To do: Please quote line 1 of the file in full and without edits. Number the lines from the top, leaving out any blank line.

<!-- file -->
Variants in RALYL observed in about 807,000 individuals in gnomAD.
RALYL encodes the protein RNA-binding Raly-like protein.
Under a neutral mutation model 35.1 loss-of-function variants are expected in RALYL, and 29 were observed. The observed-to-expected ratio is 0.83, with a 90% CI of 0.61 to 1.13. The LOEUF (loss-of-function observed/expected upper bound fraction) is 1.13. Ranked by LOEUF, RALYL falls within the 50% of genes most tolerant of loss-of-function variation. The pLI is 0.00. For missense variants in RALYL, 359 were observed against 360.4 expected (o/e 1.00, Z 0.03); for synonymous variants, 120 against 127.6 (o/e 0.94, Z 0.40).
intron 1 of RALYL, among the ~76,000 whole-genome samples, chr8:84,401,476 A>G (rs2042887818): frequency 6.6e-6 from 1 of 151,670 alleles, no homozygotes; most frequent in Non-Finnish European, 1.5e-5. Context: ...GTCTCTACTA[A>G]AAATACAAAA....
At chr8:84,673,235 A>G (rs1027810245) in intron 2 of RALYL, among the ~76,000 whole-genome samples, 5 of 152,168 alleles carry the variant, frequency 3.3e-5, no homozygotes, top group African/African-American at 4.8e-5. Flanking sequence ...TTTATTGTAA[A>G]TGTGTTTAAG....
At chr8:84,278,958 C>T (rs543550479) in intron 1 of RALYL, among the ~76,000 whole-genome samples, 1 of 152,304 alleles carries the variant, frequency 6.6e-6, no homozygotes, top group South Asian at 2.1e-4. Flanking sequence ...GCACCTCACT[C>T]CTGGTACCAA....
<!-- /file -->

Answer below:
Variants in RALYL observed in about 807,000 individuals in gnomAD.